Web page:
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Halt loans agreements with China pending scrutiny of conditions


Rotimi Amaechi

• Pacts Signed By Executive Should Be Subjected To NASS — Suraju 
• Forensic Audit Of Chinese Loans Is Vital Now — Uba
• Amaechi Attempting To Intimidate Lawmakers — Uwazurike
• Transport Minister Allays Fears

With China’s glaring lack of tolerance for sleaze and vague financial transactions, not a few were riled by the Minister of Transportation, Rotimi Amaechi’s sensational claim that the Asian giant will not approve Nigeria’s request for loans if the National Assembly (NASS) continues its ongoing probe.
Despite China being one of the world’s most regulated economies, Amaechi, at an investigative hearing of the House of Representatives Committee on Treaties and Protocols, last week, asked the lawmakers to halt the probe of the $500m loan from the Chinese government to finance some rail projects across the country.
He alleged that some sections of the country’s rail lines “will suffer” if China stops giving out loans to Nigeria upon sensing a disagreement between the executive and the legislature.

Irked by Amaechi’s call, stakeholders are not only calling on the NASS to stop all further agreements and contracts with China pending the scrutiny of all conditions and clauses inserted in them, they are also categorical that in other climes, loans of certain magnitude are subjected to public scrutiny, especially when they have the tendency to violate the territorial integrity and sovereignty of the receiving nation.
Furthermore, they stressed that since China had in the past been accused of allegedly applying fraudulent, irregular and underhand pressures in the structure of its loan agreements with countries, government officials like Amaechi should desist from intimidating the legislature into abandoning its constitutional role of oversight.

But the Minister of Transportation has dismissed fears of Nigeria ceding its sovereignty to China under any guise, explaining that the Sovereign Guarantee clause in the loan agreement was to assure China that it can take over the asset constructed with the loan, should Nigeria default. 

He said: “The terms contained in the agreement is not as if we are signing off the country’s sovereignty. What we do is that we give a sovereign guarantee, which is an immunity clause. The clause is that in case the country defaults, China will come to collect the items agreed upon.”He assured that the Chinese would not take over assets that were not constructed with the money, in case of default. And should the asset depreciate; then the country can discuss other assets they can take over to recoup the loans. 

RECALLING how the international community had in the past accused China of applying some fraudulent, irregular and underhand pressures in the structure of their loans agreements with countries, a development expert, Dr. Chiwuike Uba, told The Guardian that: “Clauses that give the Chinese irrevocable powers to acquire and run projects funded through their loans, peradventure the country is unable to repay the loan, are fraudulently inserted in the agreements. This situation is made worse by the use of companies blacklisted by the World Bank for corruption by the Chinese government for infrastructure projects in Africa.

“Unfortunately, these agreements are usually not made public. In addition, due to our leaders’ weaknesses, agreement to pay the loans, and the craving to siphon/loot the loans for private purposes, they rarely take time to read/study the agreements before signing.”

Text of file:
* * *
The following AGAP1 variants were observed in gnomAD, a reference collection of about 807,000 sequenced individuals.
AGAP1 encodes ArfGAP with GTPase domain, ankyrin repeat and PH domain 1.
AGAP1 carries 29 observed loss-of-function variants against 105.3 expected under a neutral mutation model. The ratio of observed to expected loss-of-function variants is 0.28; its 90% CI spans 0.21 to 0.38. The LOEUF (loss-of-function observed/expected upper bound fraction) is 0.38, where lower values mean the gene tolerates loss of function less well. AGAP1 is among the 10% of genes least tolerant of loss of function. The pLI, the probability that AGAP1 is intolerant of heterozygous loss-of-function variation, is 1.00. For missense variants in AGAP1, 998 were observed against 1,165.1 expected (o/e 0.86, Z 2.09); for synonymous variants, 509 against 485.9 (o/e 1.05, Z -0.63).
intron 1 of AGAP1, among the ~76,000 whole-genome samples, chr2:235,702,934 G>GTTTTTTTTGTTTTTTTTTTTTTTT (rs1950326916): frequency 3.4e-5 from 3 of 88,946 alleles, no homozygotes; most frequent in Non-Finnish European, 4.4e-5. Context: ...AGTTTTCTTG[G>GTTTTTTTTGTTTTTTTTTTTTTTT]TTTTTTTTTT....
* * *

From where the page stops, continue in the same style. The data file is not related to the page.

He added that despite the claim of being averse to corrupt practices, Chinese government treat their loans strictly as “business and political instrument for control,” stressing that “Amaechi’s posture may be a ploy to stop the National Assembly from revealing the corruption involving Nigerian government in contracting some of the loans.
“The probe will reveal that Chinese loans are not entirely infrastructure finance-based as bandied by the government. The interest rates on Chinese loans are based on market terms, very close to private capital market rates, and these loans are backed by collateral. In most cases, the loans are not only secured with national assets, but with natural resources and revenues. In this case, Nigeria may have, as part of the repayment terms, agreed to be repaying the loans from concessional loans from the World Bank and the IMF,” he stressed.
Uba argued that it was erroneous to assume that the executive was accumulating debts without the National Assembly’s approval, stressing that the lawmakers have demonstrated a glaring lack of capacity to scrutinise the loans’ approval requests, or are uninterested in the short-term implications of their decisions.
He added: “For the avoidance of doubts, the constitution vests the National Assembly with the power to make laws with respect to any matter that concerns “borrowing of money within, or outside Nigeria for the purposes of the federation or of any state” and “public debt of the federation.” The power is reinforced by subsidiary legislations, such as the Debt Management Office (Establishment, etc.) Act, 2003; the Fiscal Responsibility Act 2007; the Investments and Securities Act, 2007, and the Central Bank of Nigeria Act 2007. 
On why the fears raised by Amaechi should be discountenanced in the ongoing probe, he stated that Nigeria was already entrapped in debt and might lose its sovereignty, insisting that whatever was necessary should be done to save the country from possible collapse.
“Our failure to take the right steps in the management of our loans are the reasons for the fraudulent P&ID Gas Project and the emerging crisis in the Azura Power Project, where Nigeria risks paying $1.2b for a $237m loan collected by Azura from various banks. Currently, it is alleged that Nigeria pays $30m to Azura monthly, even if it doesn’t have the capacity to take power from the plant. These would not have happened if due diligence were done before the loan agreements were signed,” he stressed